To commemorate the 200th anniversary of the birth of Abraham Lincoln, four different reverse designs are used for the 2009 Lincoln Cent. Each design is intended to be representative of one of the stages of his life, from birth to presidency. The designs were released into circulation approximately every three months. The obverse design of the coin remained the same bust of Lincoln originally designed by Victor David Brenner.
Authorization for the new reverse designs for the Lincoln Cent was provided under the Presidential $1 Coin Act of 2005 (Public Law 109-145). The law authorized the Presidential Dollars series and also stipulated four rotating designs for the 2009 Lincoln Cent to celebrate the bicentennial and one final reverse design to be used going forward.
The first 2009 Lincoln Cent design represents Lincoln’s birthplace and early childhood in Kentucky, chronologically covering 1809 to 1816. The reverse depicts an image of a log cabin to represent Lincoln’s humble upbringing. The date of his birth “1809” appears below the cabin. This reverse was designed by Richard Masters and sculpted by Jim Licaretz.
The second design represents Lincoln’s formative years in Indiana, chronologically covering 1816 to 1830. The reverse depicts a young Abraham Lincoln taking a break from rail splitting to read a book. This reverse was designed and sculpted by Charles Vickers.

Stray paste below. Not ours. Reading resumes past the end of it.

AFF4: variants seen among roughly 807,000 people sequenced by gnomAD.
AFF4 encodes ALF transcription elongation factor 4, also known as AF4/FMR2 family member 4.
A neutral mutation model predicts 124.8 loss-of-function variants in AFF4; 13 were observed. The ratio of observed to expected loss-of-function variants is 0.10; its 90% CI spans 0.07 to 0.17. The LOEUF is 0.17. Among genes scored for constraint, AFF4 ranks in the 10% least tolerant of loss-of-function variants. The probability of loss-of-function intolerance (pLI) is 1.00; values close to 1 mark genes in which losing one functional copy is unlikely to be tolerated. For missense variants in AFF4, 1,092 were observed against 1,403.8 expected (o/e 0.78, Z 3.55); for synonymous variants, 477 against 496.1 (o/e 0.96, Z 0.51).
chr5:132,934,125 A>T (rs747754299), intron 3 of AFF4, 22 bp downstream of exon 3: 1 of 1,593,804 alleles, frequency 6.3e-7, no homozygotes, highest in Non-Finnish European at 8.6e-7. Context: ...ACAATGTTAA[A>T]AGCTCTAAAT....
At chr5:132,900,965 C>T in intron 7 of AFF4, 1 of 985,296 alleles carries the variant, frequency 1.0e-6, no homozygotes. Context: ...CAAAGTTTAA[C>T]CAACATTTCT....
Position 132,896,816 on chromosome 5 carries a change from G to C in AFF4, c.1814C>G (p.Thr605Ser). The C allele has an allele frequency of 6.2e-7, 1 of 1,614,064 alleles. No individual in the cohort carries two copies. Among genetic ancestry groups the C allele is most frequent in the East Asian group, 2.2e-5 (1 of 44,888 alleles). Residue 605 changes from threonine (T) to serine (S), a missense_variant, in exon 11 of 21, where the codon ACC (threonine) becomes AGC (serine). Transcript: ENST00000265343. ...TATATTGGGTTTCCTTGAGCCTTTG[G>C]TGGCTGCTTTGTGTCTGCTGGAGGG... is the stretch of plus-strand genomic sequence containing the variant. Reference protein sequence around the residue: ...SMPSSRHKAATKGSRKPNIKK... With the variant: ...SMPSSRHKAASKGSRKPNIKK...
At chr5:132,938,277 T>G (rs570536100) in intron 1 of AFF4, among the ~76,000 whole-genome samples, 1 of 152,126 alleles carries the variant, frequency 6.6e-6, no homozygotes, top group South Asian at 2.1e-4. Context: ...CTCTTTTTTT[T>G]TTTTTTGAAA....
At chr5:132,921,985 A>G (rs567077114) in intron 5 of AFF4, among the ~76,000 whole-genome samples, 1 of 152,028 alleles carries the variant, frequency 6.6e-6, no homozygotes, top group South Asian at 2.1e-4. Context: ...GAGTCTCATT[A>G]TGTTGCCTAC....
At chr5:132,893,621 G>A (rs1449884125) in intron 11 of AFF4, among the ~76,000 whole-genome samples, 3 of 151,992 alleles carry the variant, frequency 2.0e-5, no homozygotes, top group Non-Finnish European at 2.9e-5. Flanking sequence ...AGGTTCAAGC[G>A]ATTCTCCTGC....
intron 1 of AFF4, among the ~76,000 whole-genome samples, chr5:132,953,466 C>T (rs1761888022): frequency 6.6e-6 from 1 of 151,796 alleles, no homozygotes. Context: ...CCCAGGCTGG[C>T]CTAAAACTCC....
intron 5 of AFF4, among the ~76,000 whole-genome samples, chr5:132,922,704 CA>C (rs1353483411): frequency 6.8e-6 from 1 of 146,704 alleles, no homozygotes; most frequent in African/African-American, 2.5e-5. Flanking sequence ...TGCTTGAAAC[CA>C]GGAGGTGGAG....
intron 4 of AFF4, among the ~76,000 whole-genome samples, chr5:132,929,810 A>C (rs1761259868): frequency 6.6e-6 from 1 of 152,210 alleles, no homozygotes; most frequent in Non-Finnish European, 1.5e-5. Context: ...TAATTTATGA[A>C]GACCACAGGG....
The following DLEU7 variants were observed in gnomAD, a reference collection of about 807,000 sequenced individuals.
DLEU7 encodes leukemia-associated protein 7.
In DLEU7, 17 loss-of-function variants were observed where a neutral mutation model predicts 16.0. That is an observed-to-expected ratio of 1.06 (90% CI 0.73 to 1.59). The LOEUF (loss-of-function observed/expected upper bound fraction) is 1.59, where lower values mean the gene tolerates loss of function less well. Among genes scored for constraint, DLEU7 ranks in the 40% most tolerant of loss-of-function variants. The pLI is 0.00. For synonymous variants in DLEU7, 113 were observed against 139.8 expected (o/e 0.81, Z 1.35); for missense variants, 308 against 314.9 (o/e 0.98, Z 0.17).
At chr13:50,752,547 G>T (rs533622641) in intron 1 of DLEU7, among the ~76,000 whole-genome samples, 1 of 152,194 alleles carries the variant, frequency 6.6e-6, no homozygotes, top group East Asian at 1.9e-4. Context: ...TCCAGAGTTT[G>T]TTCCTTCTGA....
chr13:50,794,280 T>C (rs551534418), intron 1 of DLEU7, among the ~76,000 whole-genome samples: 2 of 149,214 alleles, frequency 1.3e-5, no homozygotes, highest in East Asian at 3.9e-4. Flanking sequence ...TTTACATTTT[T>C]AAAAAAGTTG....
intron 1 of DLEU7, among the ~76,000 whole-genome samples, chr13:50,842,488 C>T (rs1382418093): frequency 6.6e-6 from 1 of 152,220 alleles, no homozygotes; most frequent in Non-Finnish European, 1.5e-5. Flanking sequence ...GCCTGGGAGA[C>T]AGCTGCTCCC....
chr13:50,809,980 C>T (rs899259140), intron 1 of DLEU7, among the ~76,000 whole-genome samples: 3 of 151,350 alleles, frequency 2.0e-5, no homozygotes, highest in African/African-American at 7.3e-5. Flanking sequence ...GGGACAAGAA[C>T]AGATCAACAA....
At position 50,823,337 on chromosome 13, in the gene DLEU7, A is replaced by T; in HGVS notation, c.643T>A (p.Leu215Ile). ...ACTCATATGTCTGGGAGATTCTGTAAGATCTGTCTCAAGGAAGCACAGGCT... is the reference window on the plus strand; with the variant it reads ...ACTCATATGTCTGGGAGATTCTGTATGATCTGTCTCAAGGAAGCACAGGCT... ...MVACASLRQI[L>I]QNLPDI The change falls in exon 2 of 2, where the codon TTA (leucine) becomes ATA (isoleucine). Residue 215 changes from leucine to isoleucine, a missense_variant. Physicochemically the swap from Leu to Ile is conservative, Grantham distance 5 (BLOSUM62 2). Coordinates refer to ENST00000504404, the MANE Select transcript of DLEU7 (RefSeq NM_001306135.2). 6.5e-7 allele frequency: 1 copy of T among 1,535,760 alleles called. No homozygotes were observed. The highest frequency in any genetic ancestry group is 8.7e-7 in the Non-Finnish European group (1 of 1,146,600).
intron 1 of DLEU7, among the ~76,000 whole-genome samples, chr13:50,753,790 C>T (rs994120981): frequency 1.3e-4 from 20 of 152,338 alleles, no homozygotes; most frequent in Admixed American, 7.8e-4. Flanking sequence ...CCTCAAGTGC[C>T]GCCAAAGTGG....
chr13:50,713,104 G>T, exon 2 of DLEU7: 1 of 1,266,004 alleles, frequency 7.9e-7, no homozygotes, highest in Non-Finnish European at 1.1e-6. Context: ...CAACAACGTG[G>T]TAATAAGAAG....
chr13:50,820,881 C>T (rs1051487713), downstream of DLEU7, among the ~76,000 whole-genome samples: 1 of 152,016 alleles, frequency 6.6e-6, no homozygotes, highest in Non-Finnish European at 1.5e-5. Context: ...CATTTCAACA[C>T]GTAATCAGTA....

The third design represents Lincoln’s professional life spent in Illinois from 1830 to 1861. Lincoln is depicted as a young professional standing before the Illinois State Capitol building. This reverse was designed by Joel Iskowitz and sculpted by Don Everhart.
The fourth and final design represents Lincoln’s presidency in Washington, DC from 1861 to 1865. A view of the half completed Capitol Dome is depicted. This view is intended to symbolize a nation torn apart by Civil War and Lincoln’s resolve in guiding the Nation through this period. The designer was Susan Gamble and the sculptor was Joseph Menna.
Besides the increased attention created by the new designs, the 2009 Lincoln Cent mintages came in at historically low levels. The decreased need for circulating coinage and the fact that annual production was split across four different designs helped to create the lowest circulating coin mintages in decades for the one cent denomination.